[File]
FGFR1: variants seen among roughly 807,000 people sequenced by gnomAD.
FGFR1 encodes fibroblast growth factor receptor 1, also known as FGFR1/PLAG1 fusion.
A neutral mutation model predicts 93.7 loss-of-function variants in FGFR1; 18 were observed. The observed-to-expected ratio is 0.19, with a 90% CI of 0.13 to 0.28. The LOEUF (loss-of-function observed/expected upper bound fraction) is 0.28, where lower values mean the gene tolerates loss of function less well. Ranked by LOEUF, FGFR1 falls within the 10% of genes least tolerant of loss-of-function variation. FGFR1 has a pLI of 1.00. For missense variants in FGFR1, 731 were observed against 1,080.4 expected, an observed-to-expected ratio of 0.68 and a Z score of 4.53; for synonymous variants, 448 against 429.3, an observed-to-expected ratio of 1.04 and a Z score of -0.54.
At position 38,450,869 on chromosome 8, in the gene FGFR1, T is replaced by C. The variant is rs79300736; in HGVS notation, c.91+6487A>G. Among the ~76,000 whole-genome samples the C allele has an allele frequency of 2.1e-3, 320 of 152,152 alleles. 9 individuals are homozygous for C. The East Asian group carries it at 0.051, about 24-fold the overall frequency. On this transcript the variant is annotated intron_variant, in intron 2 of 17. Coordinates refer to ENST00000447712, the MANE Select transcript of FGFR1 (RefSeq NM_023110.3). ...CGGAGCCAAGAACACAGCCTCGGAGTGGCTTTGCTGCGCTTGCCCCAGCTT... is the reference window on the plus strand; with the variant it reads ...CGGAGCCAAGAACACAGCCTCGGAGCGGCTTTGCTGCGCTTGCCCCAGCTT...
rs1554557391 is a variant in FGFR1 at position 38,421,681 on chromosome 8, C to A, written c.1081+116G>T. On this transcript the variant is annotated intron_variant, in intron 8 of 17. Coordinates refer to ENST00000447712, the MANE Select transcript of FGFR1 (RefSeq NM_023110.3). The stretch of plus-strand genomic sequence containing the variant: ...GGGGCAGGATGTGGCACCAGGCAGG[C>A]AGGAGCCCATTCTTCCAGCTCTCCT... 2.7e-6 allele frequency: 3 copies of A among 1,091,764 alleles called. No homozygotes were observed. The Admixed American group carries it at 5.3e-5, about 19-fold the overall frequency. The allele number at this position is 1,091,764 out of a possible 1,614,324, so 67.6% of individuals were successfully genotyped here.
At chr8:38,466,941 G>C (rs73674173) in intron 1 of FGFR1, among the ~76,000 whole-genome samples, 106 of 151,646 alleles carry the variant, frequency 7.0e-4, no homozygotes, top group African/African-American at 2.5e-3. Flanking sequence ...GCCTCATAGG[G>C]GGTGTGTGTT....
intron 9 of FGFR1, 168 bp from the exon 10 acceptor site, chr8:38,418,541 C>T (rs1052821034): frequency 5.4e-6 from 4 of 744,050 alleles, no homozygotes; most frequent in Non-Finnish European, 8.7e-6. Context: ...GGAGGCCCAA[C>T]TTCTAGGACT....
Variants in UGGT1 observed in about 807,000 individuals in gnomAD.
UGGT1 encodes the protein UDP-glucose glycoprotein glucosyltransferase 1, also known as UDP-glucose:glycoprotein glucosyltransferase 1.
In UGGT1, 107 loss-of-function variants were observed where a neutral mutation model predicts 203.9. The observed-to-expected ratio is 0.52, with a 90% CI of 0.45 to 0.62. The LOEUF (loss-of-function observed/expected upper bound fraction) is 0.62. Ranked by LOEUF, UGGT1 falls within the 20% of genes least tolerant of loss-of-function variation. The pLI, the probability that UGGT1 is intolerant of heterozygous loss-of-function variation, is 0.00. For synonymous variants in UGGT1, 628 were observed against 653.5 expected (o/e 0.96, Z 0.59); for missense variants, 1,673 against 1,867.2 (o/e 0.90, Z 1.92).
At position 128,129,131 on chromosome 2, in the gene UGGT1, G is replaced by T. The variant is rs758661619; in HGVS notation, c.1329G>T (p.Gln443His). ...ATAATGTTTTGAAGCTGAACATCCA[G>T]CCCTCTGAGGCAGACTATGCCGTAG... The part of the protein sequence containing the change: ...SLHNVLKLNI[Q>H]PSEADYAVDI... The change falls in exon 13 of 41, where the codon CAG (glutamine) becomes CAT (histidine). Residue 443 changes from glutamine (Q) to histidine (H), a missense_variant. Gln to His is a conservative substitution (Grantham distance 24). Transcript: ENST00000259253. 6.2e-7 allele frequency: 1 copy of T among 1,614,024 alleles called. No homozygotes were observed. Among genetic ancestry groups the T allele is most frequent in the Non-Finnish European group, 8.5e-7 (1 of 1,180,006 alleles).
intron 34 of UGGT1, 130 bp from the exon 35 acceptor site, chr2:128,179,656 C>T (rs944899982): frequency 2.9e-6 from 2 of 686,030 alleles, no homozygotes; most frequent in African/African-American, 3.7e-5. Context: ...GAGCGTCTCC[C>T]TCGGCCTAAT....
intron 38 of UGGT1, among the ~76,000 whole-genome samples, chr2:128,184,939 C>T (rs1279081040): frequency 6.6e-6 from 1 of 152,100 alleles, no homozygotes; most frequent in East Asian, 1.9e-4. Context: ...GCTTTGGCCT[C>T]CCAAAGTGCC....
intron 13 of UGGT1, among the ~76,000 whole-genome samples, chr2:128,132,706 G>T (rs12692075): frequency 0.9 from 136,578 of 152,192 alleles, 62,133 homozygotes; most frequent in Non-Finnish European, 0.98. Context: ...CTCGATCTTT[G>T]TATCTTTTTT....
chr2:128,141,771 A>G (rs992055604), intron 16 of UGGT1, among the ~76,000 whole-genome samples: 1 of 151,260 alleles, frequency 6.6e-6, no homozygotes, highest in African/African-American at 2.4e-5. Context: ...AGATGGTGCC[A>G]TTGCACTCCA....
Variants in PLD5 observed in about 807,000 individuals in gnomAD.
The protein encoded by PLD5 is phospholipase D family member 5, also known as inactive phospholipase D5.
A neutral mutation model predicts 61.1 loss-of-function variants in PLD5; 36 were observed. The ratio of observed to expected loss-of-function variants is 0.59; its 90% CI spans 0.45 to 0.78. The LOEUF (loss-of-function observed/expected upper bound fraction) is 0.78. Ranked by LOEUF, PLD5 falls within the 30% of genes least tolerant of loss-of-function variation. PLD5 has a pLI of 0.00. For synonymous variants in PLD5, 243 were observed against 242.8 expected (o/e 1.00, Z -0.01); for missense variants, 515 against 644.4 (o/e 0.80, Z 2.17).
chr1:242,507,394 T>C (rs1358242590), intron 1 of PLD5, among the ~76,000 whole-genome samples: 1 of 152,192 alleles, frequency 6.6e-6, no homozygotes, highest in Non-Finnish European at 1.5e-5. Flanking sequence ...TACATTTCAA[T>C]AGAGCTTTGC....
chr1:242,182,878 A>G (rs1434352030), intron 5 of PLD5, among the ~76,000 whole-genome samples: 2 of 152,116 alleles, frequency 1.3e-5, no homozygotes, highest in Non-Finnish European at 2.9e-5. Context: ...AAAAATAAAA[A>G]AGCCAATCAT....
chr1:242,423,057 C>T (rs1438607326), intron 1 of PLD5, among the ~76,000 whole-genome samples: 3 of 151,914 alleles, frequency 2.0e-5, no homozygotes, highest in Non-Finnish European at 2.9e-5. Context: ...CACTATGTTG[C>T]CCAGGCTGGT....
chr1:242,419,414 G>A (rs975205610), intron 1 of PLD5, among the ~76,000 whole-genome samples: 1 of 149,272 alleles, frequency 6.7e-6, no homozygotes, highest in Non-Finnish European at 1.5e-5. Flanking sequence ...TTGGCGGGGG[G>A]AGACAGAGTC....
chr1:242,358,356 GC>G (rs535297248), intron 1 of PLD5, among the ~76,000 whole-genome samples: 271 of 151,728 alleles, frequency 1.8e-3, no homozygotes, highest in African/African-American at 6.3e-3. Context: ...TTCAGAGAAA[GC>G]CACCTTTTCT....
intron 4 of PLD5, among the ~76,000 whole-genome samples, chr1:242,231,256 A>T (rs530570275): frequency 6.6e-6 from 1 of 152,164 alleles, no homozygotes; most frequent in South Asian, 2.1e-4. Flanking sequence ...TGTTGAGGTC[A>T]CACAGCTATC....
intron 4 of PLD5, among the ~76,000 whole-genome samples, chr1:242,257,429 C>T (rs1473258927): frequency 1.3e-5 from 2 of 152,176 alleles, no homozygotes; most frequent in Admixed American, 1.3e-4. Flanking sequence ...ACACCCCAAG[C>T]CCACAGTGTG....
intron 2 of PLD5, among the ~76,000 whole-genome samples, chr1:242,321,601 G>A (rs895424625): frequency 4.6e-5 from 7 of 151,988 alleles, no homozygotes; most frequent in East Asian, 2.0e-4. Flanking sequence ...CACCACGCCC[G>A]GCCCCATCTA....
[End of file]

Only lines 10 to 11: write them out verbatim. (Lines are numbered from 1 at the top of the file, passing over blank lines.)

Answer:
In UGGT1, 107 loss-of-function variants were observed where a neutral mutation model predicts 203.9. The observed-to-expected ratio is 0.52, with a 90% CI of 0.45 to 0.62. The LOEUF (loss-of-function observed/expected upper bound fraction) is 0.62. Ranked by LOEUF, UGGT1 falls within the 20% of genes least tolerant of loss-of-function variation. The pLI, the probability that UGGT1 is intolerant of heterozygous loss-of-function variation, is 0.00. For synonymous variants in UGGT1, 628 were observed against 653.5 expected (o/e 0.96, Z 0.59); for missense variants, 1,673 against 1,867.2 (o/e 0.90, Z 1.92).
At position 128,129,131 on chromosome 2, in the gene UGGT1, G is replaced by T. The variant is rs758661619; in HGVS notation, c.1329G>T (p.Gln443His). ...ATAATGTTTTGAAGCTGAACATCCA[G>T]CCCTCTGAGGCAGACTATGCCGTAG... The part of the protein sequence containing the change: ...SLHNVLKLNI[Q>H]PSEADYAVDI... The change falls in exon 13 of 41, where the codon CAG (glutamine) becomes CAT (histidine). Residue 443 changes from glutamine (Q) to histidine (H), a missense_variant. Gln to His is a conservative substitution (Grantham distance 24). Transcript: ENST00000259253. 6.2e-7 allele frequency: 1 copy of T among 1,614,024 alleles called. No homozygotes were observed. Among genetic ancestry groups the T allele is most frequent in the Non-Finnish European group, 8.5e-7 (1 of 1,180,006 alleles).